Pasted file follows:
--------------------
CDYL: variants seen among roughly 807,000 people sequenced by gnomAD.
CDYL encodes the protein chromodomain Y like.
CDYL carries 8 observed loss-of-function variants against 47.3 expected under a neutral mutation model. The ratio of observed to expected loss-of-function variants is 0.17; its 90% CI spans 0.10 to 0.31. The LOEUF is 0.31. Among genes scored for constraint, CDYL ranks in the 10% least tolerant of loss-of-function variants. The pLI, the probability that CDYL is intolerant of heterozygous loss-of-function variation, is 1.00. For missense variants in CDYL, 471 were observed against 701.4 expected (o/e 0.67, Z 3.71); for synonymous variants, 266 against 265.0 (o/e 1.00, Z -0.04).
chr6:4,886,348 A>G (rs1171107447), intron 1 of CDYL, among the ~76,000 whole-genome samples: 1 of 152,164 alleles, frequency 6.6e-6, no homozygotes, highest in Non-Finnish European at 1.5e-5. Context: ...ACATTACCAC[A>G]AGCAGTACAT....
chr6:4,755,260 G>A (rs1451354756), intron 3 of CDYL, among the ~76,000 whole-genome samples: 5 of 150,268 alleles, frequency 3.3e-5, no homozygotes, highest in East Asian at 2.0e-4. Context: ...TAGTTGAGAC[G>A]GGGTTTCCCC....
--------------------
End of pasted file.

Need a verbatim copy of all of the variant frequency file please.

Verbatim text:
CDYL: variants seen among roughly 807,000 people sequenced by gnomAD.
CDYL encodes the protein chromodomain Y like.
CDYL carries 8 observed loss-of-function variants against 47.3 expected under a neutral mutation model. The ratio of observed to expected loss-of-function variants is 0.17; its 90% CI spans 0.10 to 0.31. The LOEUF is 0.31. Among genes scored for constraint, CDYL ranks in the 10% least tolerant of loss-of-function variants. The pLI, the probability that CDYL is intolerant of heterozygous loss-of-function variation, is 1.00. For missense variants in CDYL, 471 were observed against 701.4 expected (o/e 0.67, Z 3.71); for synonymous variants, 266 against 265.0 (o/e 1.00, Z -0.04).
chr6:4,886,348 A>G (rs1171107447), intron 1 of CDYL, among the ~76,000 whole-genome samples: 1 of 152,164 alleles, frequency 6.6e-6, no homozygotes, highest in Non-Finnish European at 1.5e-5. Context: ...ACATTACCAC[A>G]AGCAGTACAT....
chr6:4,755,260 G>A (rs1451354756), intron 3 of CDYL, among the ~76,000 whole-genome samples: 5 of 150,268 alleles, frequency 3.3e-5, no homozygotes, highest in East Asian at 2.0e-4. Context: ...TAGTTGAGAC[G>A]GGGTTTCCCC....